Letters

Letters: Boris Johnson might be the leader we need

18 June 2022

9:00 AM

18 June 2022

9:00 AM

The leader we need?

Sir: Matthew Parris excoriates Boris Johnson for administrative incompetence, mendacity, personal immorality and utter lack of political vision (‘I told you so’, 11 June). Mr Johnson may have multiple personal failings, but surely it is obvious that we live in times which call not for a leader with lofty political vision, but for one who can react instinctively and reasonably competently to exogenous events.

Johnson’s refusal to be battered down by successive crises, his cocksure ebullience, and his ability to turn patent negatives into positives clearly irritate his former journalistic colleagues – and infuriate his political opponents. But is it possible that these features of the Prime Minister’s character may be just what is needed to give the country a fighting chance of dodging the many bullets coming its way?

Jeff Green

Bath

Selling themselves

Sir: I was impressed by Lionel Shriver’s article ‘Does advertising matter?’ (11 June). My only quibble is that it is not really the advertisers who are to blame. At senior level, most businesses have no sense of the feelings of consumers. For that they rely on their advisers, notably their advertising agents. As I think Rory Sutherland will confirm, the most influential figures in advertising agencies are the ‘creatives’. These are mostly in their twenties and consistently on the leading edge of ‘woke-ism’. Their mission (with some honourable exceptions) is not to ‘peddle the product’. It is to win the approval of their peers, for that way lies industry awards and professional advancement. The result can be seen in any commercial break. Unfortunately advertising does matter.

Michael Chapman

Vice chairman, Ogilvy UK, 1980-1992

Obstacles to travel

Sir: I wholeheartedly agreed that the airline industry got it very wrong in their cost-saving strategy during the pandemic and that the onus should be on the private sector to rebuild – as I’m sure it will (‘Air pirates’, 11 June). However, let us not lose sight of the fact that it was indeed the government who put the industry in such peril as they ‘followed the science’. A government that introduced such off-putting red tape and bureaucracy, making travel so much more difficult and costly. Traffic-light systems, quarantine hotels, passenger locator forms, testing when returning into the country. Many who wanted to travel were either put off or priced out and we have inevitably ended up in this situation.

Chris Jones


Ulverston, Cumbria

In praise of baths

Sir. Charles Moore may be interested to know that St Thomas Aquinas included the warm bath as one of the Five Remedies for Sorrow (Notes, 4 June). Some years ago, I went to the Abbey of Fossanova, where he died in a cold March 1274, and can testify to its bitter springtime chill. Other remedies for gloom, cited by him, were wine and a good dinner. By comparison, the shower, which was patented in England in 1767 by William Feetham, a stove-maker of Ludgate Hill, is surely a dispiriting invention.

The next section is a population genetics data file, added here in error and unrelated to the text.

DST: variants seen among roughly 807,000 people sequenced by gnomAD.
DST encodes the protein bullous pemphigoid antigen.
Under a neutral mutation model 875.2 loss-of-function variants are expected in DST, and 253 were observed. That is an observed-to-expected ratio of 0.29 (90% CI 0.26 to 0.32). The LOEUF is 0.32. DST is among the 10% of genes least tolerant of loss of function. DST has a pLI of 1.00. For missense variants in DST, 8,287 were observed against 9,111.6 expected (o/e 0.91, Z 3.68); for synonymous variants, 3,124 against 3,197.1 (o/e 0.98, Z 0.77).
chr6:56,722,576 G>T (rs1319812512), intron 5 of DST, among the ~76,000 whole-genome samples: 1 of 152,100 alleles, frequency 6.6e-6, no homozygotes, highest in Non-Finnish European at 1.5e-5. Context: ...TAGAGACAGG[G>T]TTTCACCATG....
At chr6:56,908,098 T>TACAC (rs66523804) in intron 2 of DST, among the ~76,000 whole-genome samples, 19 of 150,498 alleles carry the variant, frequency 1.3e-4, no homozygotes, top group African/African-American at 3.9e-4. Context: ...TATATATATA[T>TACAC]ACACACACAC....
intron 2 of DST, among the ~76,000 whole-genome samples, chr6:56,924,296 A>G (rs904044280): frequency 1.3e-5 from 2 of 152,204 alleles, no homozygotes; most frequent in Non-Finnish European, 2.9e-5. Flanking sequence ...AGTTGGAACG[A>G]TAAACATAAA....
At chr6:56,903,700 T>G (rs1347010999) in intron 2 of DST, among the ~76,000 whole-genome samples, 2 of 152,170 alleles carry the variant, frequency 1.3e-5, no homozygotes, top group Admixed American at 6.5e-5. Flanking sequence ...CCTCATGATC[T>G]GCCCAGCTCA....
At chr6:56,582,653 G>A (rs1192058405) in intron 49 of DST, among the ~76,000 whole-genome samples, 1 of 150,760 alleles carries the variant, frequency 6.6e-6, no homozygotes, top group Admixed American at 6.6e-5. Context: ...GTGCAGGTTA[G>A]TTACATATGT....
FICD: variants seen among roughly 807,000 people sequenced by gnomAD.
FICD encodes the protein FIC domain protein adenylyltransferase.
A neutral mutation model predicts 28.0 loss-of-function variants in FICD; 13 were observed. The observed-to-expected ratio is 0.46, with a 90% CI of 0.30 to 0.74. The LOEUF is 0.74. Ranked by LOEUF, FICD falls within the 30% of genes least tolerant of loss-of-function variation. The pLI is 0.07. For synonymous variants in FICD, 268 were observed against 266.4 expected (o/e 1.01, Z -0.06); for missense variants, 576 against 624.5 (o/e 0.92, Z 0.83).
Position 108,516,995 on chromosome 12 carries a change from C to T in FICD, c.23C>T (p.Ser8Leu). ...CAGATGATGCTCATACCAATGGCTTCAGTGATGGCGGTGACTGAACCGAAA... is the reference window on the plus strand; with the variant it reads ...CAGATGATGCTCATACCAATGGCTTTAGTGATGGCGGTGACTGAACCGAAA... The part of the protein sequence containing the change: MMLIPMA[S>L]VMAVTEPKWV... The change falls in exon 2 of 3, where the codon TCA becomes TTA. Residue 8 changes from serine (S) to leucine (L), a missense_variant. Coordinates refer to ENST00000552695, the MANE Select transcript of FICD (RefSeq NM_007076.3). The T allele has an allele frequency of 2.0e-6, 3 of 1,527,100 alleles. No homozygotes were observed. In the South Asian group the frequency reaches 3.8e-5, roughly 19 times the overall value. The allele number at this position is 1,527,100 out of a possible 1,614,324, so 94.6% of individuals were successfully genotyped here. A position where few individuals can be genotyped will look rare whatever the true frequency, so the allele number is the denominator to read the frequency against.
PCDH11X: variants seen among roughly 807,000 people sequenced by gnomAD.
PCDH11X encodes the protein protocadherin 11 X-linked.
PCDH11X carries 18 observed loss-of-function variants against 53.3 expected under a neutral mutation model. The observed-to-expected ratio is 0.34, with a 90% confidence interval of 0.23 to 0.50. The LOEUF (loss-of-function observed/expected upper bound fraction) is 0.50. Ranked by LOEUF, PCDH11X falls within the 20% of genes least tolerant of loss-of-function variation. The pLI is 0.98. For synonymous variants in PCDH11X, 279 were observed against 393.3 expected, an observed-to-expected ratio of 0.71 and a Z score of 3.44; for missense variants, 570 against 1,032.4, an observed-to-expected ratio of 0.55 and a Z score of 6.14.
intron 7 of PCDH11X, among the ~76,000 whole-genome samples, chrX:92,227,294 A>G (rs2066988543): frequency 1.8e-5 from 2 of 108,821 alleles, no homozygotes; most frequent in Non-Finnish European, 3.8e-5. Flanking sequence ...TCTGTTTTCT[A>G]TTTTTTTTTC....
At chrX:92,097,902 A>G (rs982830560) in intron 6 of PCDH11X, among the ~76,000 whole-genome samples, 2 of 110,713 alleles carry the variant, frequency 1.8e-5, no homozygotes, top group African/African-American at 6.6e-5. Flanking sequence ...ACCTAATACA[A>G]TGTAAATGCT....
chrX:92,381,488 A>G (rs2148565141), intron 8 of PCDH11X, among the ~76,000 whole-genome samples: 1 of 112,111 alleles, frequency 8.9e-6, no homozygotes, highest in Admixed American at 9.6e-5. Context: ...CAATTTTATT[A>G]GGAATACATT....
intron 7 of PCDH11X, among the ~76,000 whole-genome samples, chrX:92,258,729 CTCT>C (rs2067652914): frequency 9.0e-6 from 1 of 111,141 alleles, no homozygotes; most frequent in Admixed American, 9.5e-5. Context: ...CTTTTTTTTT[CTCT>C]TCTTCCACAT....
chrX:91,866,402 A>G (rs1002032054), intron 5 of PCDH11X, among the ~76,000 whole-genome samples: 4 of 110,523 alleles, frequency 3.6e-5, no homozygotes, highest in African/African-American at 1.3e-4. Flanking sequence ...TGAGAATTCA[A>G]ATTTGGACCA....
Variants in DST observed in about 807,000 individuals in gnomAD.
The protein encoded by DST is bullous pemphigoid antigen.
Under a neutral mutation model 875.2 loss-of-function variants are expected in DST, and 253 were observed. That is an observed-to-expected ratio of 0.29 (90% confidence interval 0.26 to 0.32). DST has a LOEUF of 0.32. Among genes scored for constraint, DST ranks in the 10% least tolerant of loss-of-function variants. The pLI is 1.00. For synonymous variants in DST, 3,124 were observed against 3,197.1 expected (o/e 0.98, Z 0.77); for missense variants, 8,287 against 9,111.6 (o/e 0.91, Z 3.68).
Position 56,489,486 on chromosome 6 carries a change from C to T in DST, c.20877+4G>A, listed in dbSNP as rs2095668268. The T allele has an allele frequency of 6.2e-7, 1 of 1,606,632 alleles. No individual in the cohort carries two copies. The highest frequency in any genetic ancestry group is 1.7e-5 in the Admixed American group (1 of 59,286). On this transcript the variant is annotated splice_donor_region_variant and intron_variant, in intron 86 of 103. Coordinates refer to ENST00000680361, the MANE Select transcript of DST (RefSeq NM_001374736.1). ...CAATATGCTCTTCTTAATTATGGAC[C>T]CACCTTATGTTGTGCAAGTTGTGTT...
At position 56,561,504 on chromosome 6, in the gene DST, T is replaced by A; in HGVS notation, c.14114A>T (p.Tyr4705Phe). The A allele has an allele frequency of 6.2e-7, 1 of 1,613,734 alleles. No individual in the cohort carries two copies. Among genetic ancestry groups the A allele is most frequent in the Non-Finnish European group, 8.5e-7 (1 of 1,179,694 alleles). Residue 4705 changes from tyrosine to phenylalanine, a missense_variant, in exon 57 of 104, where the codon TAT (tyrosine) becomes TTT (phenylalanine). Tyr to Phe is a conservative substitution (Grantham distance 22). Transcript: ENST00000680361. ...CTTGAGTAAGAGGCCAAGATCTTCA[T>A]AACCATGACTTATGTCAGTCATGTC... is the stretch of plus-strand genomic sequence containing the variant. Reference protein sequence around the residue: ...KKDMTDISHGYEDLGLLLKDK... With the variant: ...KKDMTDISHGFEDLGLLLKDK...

Lydia Schmitt

London SW4

Resto development

Sir: Those thinking of taking up Martin Vander Weyer’s suggestion of acquiring a bar-resto in France (Any other business, 21 May) might be interested to know that it may be even easier and cheaper to make your dream come true. The French government sponsors a scheme called ‘Operation 1,000 cafés’ that provides grants and other support to help people open and run a hostelry in rural France. The village in Lot where my wife and I are fortunate enough to own a modest home has benefited hugely from such a scheme. A couple were not only given help to acquire a site but also benefit from a generous stipend to help them until the business is established. It has brought a very sleepy hamlet back to life.

Stephen Mendes

Christ Church, Barbados

Anti corruption

Sir: I read Lionel Shriver’s article on her problems at Cape Town airport (25 May) and was appalled but not surprised. Sadly South Africans are all too used to the antics of the ANC-controlled not-so-civil service with their incompetence, insolence and – all too often – corruption. However, there are people who will act on these matters. I contacted Manny De Freitas, MP for the opposition Democratic Alliance, and his colleagues Angel Khanyile MP and Adriaan Roos MP. The director-general of the Home Affairs department has in turn been contacted. Hopefully the errant officials will have to answer for their appalling behaviour, and others will take note.

I think it is important to say that there are people here who take strong exception to this kind of behaviour and are acting to maintain the highest democratic standards.

Dr Robert N. Norton

Cape Town, South Africa

On the face of it

Sir: Jeremy Clarke’s observation (Low life, 11 June) that he ‘appears unravaged from the neck up’ reminds me of my late Auntie Rachel’s riposte to her GP’s opening gambit of ‘You’re looking very well.’

‘I didn’t come about my face.’

Tony Morris

Glasgow

Very nice

Sir: Dot Wordsworth may want to know that ‘nice’ in my days long ago in mechanical engineering was taken to mean a close or fine tolerance (Mind your language, 4 June). Hence, we’d talk of ‘a nice fit’.

Gordon Casely

Crathes, Kincardineshire

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